Two important principles in gearing are pitch surface area and pitch position. The pitch surface of a gear may be the imaginary toothless surface area that you would have by averaging out the peaks and valleys of the average person teeth. The pitch surface of an ordinary gear is the shape of a cylinder. The pitch angle of a gear is the angle between the encounter of the pitch surface and the axis.
The most familiar types of bevel gears have pitch angles of less than 90 degrees and they are cone-shaped. This kind of bevel gear is named external because the gear teeth point outward. The pitch areas of meshed exterior bevel gears are coaxial with the gear shafts; the apexes of the two surfaces are at the point of intersection of the shaft axes.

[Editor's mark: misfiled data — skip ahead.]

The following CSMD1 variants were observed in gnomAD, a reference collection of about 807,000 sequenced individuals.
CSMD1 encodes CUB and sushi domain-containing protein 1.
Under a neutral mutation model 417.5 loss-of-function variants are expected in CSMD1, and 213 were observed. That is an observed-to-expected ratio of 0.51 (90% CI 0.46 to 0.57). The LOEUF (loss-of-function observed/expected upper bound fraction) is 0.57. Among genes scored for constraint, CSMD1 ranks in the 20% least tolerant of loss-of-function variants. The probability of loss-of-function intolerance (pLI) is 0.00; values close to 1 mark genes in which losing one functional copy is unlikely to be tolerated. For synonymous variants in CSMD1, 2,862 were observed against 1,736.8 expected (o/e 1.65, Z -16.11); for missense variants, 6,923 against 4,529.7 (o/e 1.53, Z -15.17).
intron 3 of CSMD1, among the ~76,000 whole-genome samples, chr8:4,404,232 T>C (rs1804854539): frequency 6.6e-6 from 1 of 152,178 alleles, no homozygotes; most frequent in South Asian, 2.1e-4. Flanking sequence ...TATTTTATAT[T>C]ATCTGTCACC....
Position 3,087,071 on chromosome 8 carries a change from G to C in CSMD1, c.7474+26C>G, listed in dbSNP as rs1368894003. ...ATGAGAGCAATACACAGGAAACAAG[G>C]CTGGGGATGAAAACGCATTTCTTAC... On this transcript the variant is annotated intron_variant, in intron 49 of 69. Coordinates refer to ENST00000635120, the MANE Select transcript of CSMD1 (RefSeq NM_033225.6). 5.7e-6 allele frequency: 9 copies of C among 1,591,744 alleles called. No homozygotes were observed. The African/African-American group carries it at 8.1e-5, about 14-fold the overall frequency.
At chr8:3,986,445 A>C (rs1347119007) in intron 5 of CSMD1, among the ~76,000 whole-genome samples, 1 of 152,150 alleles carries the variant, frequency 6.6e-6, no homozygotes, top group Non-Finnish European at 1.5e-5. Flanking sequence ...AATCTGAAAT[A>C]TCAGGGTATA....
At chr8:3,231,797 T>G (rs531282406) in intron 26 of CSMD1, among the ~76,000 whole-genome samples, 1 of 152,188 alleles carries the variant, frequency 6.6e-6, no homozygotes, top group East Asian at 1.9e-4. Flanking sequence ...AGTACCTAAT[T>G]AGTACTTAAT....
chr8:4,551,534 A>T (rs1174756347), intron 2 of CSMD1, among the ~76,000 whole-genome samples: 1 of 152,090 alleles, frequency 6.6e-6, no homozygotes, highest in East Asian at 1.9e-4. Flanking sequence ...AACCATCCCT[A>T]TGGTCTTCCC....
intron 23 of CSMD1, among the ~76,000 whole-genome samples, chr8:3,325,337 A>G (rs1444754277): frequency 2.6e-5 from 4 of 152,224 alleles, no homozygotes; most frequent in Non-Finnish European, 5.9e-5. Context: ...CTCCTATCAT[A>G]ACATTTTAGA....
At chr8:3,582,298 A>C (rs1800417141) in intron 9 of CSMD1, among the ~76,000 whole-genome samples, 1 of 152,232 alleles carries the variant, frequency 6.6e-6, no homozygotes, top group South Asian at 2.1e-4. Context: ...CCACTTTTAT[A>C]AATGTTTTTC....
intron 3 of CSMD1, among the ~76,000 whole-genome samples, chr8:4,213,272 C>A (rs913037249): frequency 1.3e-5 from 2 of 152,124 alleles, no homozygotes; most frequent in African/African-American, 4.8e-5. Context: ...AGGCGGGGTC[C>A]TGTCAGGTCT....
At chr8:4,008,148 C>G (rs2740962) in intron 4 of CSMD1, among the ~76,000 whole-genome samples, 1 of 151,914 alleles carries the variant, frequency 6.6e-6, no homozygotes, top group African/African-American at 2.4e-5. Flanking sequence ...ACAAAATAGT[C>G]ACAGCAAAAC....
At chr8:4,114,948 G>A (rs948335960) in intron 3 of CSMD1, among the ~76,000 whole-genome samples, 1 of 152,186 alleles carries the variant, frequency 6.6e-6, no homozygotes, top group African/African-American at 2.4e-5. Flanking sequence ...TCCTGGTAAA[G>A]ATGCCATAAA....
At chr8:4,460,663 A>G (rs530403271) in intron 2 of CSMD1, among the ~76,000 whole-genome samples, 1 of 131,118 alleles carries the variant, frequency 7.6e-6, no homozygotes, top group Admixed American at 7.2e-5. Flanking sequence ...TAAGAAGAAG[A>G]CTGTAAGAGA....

Bevel gears which have pitch angles of greater than ninety degrees possess teeth that time inward and are called internal bevel gears.
Bevel gears that have pitch angles of precisely 90 degrees possess teeth that point outward parallel with the axis and resemble the points on a crown. That’s why this type of bevel gear is named a crown gear.
Mitre gears are mating bevel gears with equivalent numbers of teeth and with axes at right angles.